Firefighters and first responders face an intimidating variety of incidents, with some having the potential for fatal injury. Natural disasters are relatively infrequent, whereas man-caused terrorism events are difficult to predict. Both scenarios make it difficult for responders to stay prepared. It is critical to minimize controllable risk, and a big part of this is encouraging responsiveness and readiness in your firefighting operation.
Equipment & Technique
How and when personal protective equipment (PPE) is used is more important than new innovations in the gear. Modern equipment encapsulates the user so that risk decision-making becomes even more important. Policy and leadership must teach good situational thinking habits to correlate with the gear. Having the gear to prevent unnecessary exposure to carcinogenic overhaul products is one thing, but making the life-saving decision to wear it is another.
There is a serious matter of good decision-making at an emergency while interpreting readings from a monitor. If not understood and used correctly, monitoring equipment can hinder decision-making and create problems. Responders should be familiar and comfortable with gear to minimize stress, improve decision making, and develop better habits.
Culture & Policy
It’s crucial to prioritize the integration of safety culture into every aspect of training, which will translate directly to emergency scenes and even life at the station. Make a new habit of not cutting corners or taking unnecessary risks.
If a responder is violating policy, drill down and find out why. Humans go with what works and build bad habits as a result. Update your standard operating procedures so they will be followed. Ensure supervisor enforcement and lead by example, with no tolerance for casual violations, especially at the overhaul scene. This practice must be embraced by everybody from the top to the bottom of the organization.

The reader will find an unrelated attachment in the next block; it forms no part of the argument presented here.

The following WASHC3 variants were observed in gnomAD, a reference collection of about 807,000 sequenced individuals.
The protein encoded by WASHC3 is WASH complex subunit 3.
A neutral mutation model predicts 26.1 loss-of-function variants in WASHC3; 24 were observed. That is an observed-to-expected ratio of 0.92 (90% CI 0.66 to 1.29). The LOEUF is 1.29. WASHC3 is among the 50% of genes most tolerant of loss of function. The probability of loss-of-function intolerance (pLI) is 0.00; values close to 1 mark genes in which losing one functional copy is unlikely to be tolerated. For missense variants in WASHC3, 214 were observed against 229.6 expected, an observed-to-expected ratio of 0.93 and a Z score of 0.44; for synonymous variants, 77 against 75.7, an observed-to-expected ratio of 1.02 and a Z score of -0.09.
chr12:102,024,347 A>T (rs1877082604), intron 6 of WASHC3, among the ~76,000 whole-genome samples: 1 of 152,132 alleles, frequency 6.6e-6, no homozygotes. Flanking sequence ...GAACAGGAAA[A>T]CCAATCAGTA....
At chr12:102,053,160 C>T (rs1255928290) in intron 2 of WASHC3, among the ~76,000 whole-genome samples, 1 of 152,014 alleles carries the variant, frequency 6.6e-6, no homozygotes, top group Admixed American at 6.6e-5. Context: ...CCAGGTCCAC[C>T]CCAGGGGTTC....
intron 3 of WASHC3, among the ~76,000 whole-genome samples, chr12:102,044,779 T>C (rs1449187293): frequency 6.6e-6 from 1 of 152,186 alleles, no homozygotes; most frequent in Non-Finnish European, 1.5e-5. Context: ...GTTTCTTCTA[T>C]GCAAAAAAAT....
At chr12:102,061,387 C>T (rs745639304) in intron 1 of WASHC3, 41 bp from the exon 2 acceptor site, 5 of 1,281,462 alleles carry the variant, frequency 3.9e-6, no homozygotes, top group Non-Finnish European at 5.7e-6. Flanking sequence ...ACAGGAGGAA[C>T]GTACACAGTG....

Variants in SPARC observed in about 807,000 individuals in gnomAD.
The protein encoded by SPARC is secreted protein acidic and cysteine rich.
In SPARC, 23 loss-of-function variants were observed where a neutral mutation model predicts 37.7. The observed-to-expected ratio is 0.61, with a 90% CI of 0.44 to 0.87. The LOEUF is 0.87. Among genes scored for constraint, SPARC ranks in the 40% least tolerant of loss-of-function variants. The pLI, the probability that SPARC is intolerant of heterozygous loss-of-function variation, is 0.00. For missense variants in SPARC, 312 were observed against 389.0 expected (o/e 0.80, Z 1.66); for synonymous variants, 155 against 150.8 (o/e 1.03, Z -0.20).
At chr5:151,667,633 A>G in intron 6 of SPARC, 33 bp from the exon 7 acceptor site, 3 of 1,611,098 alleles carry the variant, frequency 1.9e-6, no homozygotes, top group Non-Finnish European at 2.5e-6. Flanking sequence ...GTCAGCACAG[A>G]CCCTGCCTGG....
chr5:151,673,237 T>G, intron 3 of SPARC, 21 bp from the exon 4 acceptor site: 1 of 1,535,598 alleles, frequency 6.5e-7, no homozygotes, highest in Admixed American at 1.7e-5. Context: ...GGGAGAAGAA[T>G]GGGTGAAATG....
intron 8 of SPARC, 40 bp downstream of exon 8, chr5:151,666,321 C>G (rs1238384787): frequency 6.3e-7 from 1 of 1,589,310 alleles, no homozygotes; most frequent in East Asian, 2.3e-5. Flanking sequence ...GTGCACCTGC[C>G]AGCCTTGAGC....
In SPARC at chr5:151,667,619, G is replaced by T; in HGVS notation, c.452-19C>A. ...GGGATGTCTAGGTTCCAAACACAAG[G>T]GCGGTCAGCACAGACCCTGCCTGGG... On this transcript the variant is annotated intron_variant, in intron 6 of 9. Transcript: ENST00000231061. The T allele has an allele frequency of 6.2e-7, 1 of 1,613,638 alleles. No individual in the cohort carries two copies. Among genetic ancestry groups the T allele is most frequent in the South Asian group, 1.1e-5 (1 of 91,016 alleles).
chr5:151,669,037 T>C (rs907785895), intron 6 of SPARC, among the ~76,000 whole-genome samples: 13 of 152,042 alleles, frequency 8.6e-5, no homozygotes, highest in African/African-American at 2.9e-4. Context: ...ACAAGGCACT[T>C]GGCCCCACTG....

Wring expertise out of more than just the training officer. Use experienced personnel and special team experts with a train-the-trainer focus to spread the message in an efficient, cost-effective way. Look for opportunities to share best practices and allow each member to contribute to educating the organization.
Promote multi-agency awareness by interacting with response partners before an incident. Cross-train with regional safety officers or at an integrated incident command system (ICS) class. “Outsiders” sometimes can provide the best lessons, improving your situational awareness when dealing with the organizational and cultural differences encountered at a unified scene.
Reinforcement & Simplicity
Help responders understand their gear. Teach concepts in addition to memorizing techniques. Make a daily habit of covering basic chemical and physical characteristics of common response products, then reinforce it. Continual practice and preparation should be mandated.
Embrace generational differences by learning about them, accepting them and using them to build a more effective team. Differences are good, so use them to your advantage for new ideas and optimization of process and procedure.
It’s simply about the importance management puts behind the safety of their personnel. Building a culture that develops good habits and ingrained muscle memory when under stress will support the positive use of equipment, procedures, and good decision making, thereby protecting and saving lives and livelihood. Firefighter readiness is a safeguard for safety, wellness, and the ability to get the job done correctly. Beyond the individual impact, fire fighting procedures really build the foundation for an effective fire department.
About Provident FirePlus
At Provident FirePlus, we offer custom-tailored packages to best protect firefighters and volunteer firefighters. We understand the risks that emergency response teams are subjected to on a daily basis, and have worked to serve these dedicated professionals for over 87 years. For more information about our products and policies, we invite you to contact our experts today at (855) 201-8880.